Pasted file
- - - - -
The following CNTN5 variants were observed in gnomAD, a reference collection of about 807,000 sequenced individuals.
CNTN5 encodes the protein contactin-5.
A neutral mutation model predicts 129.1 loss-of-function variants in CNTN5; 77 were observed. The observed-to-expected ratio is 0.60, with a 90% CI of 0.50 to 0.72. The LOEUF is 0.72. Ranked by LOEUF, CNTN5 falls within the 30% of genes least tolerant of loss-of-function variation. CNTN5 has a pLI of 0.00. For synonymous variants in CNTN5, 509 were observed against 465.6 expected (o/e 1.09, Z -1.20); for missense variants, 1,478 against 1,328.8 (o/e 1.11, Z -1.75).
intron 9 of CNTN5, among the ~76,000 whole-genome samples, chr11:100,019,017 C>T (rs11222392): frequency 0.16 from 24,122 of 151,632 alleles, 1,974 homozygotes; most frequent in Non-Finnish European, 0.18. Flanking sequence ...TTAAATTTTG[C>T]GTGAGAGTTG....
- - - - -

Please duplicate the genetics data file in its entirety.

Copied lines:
The following CNTN5 variants were observed in gnomAD, a reference collection of about 807,000 sequenced individuals.
CNTN5 encodes the protein contactin-5.
A neutral mutation model predicts 129.1 loss-of-function variants in CNTN5; 77 were observed. The observed-to-expected ratio is 0.60, with a 90% CI of 0.50 to 0.72. The LOEUF is 0.72. Ranked by LOEUF, CNTN5 falls within the 30% of genes least tolerant of loss-of-function variation. CNTN5 has a pLI of 0.00. For synonymous variants in CNTN5, 509 were observed against 465.6 expected (o/e 1.09, Z -1.20); for missense variants, 1,478 against 1,328.8 (o/e 1.11, Z -1.75).
intron 9 of CNTN5, among the ~76,000 whole-genome samples, chr11:100,019,017 C>T (rs11222392): frequency 0.16 from 24,122 of 151,632 alleles, 1,974 homozygotes; most frequent in Non-Finnish European, 0.18. Flanking sequence ...TTAAATTTTG[C>T]GTGAGAGTTG....